Olli - I am also now disabiled, and covered under the ADA. I would ideally need special weighted silverware, and special weights around my hands for when I eat. Also a special cup for when I drink hot liquids - do you have those immediately available on your unit?

I would expect that at some time during my hospitalization, you might be able to comply with some of my needs, but maybe not all - and certainly not right after admit.

Maybe you should volunteer to be in charge of a commitee to procure special devices that a patient might need?:)

I think I would just call the department of justice and do my best to get it for you. If you have those at home, perhaps I would try to see if someone can bring them for you... I'd ask a PCT to assist you with food if needed meanwhile.

I'd be more than happy to be in charge of such a committee... or anything that lets me to advocate the most for those who need it the most

Correct. There would be no way to address and/or provide all items, products, services for those who qualify under ADA. Only that it is addressed and provisions made.

I posted a link where the department of justice suggests few ways

I think I would just call the department of justice and do my best to get it for you. If you have those at home, perhaps I would try to see if someone can bring them for you... I'd ask a PCT to assist you with food if needed meanwhile.

I'd be more than happy to be in charge of such a committee... or anything that lets me to advocate the most for those who need it the most

Olli - that's very nice of you, but what you aren't getting is that unless I'm being admitted during some emergency, I should already have those things available and should bring them with me.

The hospital should have things available for the commenest set of disabilities, not for every problem ever thought of on earth! For crying out loud, girl, it's not their fault my hands shake, why should they be penalized for it?:stone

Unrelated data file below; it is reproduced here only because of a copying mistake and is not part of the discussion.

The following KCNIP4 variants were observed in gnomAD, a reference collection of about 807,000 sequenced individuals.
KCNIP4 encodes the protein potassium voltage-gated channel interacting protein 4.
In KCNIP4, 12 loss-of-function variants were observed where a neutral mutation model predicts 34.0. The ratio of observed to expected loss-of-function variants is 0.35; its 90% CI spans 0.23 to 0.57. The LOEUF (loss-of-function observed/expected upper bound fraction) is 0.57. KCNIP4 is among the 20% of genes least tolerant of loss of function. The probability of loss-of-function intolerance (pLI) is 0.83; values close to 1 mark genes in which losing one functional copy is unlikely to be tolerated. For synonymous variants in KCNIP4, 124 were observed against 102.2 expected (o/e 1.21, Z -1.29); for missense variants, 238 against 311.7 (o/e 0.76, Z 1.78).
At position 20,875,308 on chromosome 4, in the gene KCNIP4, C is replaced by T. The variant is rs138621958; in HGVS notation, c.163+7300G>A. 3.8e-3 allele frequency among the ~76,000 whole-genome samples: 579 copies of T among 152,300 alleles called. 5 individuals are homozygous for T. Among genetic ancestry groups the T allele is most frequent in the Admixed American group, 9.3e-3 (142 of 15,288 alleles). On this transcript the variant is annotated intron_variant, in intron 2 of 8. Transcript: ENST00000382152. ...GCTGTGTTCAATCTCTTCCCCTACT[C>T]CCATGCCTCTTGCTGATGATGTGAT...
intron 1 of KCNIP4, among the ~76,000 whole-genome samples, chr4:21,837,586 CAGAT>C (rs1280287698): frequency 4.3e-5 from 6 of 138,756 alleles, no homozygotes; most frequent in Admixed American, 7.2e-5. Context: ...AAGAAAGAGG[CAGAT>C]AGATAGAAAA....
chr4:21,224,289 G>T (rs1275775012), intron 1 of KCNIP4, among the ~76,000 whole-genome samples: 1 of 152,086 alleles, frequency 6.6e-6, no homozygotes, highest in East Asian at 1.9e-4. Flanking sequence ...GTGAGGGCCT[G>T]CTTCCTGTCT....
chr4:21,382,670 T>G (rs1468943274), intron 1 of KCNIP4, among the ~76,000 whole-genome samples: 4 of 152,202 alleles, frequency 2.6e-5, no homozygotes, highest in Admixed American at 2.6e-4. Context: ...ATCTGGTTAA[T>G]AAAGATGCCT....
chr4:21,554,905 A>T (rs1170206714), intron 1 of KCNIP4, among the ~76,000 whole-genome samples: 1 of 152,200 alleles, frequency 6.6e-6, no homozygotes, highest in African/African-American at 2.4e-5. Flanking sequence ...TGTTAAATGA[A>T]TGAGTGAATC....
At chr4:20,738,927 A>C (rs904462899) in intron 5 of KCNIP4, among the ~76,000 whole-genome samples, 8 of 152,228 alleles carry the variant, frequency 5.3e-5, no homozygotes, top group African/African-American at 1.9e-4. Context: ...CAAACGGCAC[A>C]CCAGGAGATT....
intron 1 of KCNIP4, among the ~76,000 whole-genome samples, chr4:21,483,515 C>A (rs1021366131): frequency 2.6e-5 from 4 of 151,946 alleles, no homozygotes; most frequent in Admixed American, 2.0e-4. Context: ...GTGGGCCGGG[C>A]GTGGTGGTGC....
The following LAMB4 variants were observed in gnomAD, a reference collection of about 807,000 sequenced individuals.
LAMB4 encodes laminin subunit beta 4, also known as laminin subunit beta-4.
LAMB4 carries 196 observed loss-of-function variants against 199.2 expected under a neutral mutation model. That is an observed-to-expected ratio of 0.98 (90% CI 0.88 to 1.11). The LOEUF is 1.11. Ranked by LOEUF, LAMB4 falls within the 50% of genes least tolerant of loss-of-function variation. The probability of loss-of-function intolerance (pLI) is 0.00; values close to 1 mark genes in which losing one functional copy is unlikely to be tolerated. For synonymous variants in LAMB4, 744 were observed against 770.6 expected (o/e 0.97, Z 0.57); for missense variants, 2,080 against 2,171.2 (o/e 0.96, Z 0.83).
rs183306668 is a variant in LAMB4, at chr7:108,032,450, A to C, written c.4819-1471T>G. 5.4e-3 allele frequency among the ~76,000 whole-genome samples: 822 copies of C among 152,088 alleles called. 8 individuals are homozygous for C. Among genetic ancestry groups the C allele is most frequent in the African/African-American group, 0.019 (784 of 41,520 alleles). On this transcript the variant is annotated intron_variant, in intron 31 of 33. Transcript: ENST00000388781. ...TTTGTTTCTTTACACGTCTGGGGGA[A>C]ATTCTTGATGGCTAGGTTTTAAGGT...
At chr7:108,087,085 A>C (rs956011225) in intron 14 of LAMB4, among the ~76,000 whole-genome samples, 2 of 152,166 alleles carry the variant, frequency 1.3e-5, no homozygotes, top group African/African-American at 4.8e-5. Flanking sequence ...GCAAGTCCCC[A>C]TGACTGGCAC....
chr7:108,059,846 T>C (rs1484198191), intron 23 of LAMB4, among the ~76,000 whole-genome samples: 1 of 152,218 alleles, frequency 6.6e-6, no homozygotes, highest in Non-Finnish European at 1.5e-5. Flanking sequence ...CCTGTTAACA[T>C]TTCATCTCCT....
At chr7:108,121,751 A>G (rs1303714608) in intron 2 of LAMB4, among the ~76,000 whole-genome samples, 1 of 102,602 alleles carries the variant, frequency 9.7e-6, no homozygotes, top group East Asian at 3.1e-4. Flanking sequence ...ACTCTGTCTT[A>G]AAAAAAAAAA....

You are right on in asking someone if they could ask me if I needed help with my food.:up:

I think I would just call the department of justice and do my best to get it for you. If you have those at home, perhaps I would try to see if someone can bring them for you... I'd ask a PCT to assist you with food if needed meanwhile.

I'd be more than happy to be in charge of such a committee... or anything that lets me to advocate the most for those who need it the most

Does the DOJ now supply assistive equipment?

Does the DOJ now supply assistive equipment?

I wouldn't think so, but who knows?

The way you worded your paragraph suggested you did not have the special utensils with you, which implies on some sort of emergency that brought you to the hospital or suggest you forgot them.. in any case I did mention that I would ask your family to bring it. So I don't think you should be saying "what you are not getting..." In case with the gentlemen I had, he did not have any family to bring it. Anyway, I located everything. It's in communication department.

I think I would just call the department of justice and do my best to get it for you. If you have those at home, perhaps I would try to see if someone can bring them for you... I'd ask a PCT to assist you with food if needed meanwhile.

I'd be more than happy to be in charge of such a committee... or anything that lets me to advocate the most for those who need it the most

Olli-

You are going to be an awesome nurse. You are a true advocate for the patient. It is good to know that there are people who take disabilities and accommodations for them so seriously.

I wouldn't think so, but who knows?